By Amanda Cruz
Sacramento County resident Dan Tibbits is 30 years in recovery from substance use disorder, with the support of 12 Step Recovery. He was dual-diagnosed with bipolar disorder at the age of 33. Dan shares his story to create a sense of connection and hope for others struggling with substance use disorder or mental illness.
Have you ever felt like you no longer had control over your own decisions? Compelled by some unseen force to go against the decisions that you made?
That is how Dan Tibbits felt the day he began his recovery from his substance use disorder. From the ages of 12–26, Tibbits struggled with addiction to multiple substances. He regularly isolated himself from loved ones and was unable to hold down a job. “I did not want to be around people when I was high,” says Tibbits, “and I did not feel like I deserved to breathe the same air as others because of the way I lived.”
This guilt led Tibbits to view his reliance on substances as a personal defect of his character, not as an illness. Growing up in a suburban neighborhood near Sacramento, Tibbits was influenced by those around him and the media to believe that addiction was for criminals on the streets, not “a yuppy from the suburbs.”. Seeking or accepting help was out of the question.
Accepting that he had an addiction didn’t come easy to Tibbits. It took becoming very ill and feeling like he would die for him even to attempt quitting; even then his choice wasn’t solely for himself.
He feared his family being judged by others, so Tibbits tried to quit but quickly realized he couldn’t do it on his own. He took himself to a treatment center in Orangevale, California, was admitted into a 28-day inpatient program, and was introduced to a 12 Step Recovery program.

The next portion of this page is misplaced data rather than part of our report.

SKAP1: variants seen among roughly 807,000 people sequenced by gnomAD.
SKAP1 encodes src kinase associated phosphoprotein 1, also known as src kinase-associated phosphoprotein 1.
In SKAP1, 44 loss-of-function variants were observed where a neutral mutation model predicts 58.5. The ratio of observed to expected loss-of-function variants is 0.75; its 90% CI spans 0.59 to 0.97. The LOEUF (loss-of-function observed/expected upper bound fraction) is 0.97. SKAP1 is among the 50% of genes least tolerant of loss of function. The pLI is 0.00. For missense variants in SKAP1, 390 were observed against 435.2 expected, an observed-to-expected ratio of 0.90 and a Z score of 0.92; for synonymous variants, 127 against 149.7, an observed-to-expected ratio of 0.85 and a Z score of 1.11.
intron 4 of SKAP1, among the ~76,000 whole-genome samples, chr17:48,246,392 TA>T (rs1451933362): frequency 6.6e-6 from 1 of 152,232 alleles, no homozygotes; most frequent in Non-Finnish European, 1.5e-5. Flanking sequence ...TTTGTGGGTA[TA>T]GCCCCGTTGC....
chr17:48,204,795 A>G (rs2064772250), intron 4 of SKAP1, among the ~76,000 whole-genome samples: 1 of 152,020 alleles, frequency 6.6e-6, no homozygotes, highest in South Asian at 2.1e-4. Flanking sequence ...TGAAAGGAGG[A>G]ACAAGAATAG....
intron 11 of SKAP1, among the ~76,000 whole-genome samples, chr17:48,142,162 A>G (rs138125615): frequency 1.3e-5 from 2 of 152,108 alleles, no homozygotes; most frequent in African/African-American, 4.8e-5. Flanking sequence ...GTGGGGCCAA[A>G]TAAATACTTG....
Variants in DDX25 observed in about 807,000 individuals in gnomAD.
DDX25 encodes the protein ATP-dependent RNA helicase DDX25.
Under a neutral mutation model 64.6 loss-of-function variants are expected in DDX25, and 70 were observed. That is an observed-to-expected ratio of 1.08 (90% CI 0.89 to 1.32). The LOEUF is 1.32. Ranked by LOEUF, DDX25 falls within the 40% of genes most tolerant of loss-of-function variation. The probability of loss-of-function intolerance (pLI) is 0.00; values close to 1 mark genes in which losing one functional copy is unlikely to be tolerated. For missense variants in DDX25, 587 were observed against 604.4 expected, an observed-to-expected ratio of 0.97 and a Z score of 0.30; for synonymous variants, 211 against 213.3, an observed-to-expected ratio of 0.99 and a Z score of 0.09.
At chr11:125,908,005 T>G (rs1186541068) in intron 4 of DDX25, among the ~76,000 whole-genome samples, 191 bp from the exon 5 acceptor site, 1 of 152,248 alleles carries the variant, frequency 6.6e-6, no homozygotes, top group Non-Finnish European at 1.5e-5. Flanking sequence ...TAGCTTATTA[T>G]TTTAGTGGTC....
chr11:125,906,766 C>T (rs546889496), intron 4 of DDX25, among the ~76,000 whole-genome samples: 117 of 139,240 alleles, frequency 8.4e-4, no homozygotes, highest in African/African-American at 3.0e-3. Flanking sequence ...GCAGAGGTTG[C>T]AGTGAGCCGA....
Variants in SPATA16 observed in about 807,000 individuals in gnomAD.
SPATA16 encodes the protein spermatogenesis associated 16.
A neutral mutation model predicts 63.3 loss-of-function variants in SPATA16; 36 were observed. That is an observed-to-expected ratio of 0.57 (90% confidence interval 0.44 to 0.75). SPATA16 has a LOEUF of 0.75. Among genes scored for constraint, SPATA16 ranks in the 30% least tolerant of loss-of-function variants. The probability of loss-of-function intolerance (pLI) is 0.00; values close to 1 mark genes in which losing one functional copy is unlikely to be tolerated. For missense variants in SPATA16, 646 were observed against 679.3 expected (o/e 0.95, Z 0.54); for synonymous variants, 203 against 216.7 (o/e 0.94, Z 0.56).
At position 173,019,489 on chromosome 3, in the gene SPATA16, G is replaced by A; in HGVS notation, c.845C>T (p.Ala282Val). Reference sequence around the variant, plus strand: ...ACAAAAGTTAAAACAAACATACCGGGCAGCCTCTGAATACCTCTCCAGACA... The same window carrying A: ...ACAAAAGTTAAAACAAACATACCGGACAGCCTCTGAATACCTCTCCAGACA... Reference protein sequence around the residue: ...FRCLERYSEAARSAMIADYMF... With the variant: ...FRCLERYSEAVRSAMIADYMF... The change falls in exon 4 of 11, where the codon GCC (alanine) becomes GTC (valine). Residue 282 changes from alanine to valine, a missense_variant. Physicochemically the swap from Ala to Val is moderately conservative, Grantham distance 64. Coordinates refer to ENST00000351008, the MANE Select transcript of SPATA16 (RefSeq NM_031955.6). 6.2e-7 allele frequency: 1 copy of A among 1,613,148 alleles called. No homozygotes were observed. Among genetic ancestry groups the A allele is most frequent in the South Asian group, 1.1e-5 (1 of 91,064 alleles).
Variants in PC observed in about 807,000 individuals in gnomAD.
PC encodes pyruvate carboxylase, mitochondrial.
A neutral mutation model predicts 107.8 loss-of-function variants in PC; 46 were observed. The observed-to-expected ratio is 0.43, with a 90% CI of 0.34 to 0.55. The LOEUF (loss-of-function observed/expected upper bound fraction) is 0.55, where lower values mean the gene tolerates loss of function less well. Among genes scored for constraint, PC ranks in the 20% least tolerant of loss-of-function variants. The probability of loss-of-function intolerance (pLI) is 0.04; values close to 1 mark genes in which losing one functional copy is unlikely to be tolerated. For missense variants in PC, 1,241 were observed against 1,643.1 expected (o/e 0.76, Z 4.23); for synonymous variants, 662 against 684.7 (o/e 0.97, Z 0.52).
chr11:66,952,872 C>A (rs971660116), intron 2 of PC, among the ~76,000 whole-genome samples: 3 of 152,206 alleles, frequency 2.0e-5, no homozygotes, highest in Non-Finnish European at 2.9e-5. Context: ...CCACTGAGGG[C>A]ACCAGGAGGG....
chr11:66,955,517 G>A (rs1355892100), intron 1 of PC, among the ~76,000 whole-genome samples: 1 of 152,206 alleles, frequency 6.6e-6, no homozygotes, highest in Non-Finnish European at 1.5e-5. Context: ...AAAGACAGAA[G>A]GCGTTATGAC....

Tibbits connected with a sponsor who mentored him and other peers in the program who made him feel accepted and seen. But seven years into his recovery journey, Tibbits began experiencing symptoms that he didn’t understand at the time: A racing mind, sleeplessness, and very dark thoughts.
Tibbits says, “ I could not get the idea of either using drugs or killing myself out of my head, it was a relentless obsession, and I knew that if I didn’t tell somebody, I would do one or the other”
After loved ones encouraged him to seek therapy, he was diagnosed with bipolar disorder, which causes shifts in mood, energy, activity levels, concentration, and the ability to carry out day-to-day tasks. His psychiatrist recommended medication to manage his condition, which at the time seemed like a terrible idea, “Doing drugs again was equal to attempting suicide,” says Tibbits.
But through the encouragement of his family and sponsors, Tibbits accepted that medication was the best route to manage his bipolar disorder.
Now 30 years into his recovery, Tibbits is proud to be a loving husband and father who is head of sales for a growing tech company. He manages his co-occurring conditions by maintaining both spiritual and clinical processes for self-care. On the spiritual front, acts of service and mediation keep his self-esteem high. Talk therapy and medication help him manage his bipolar disorder.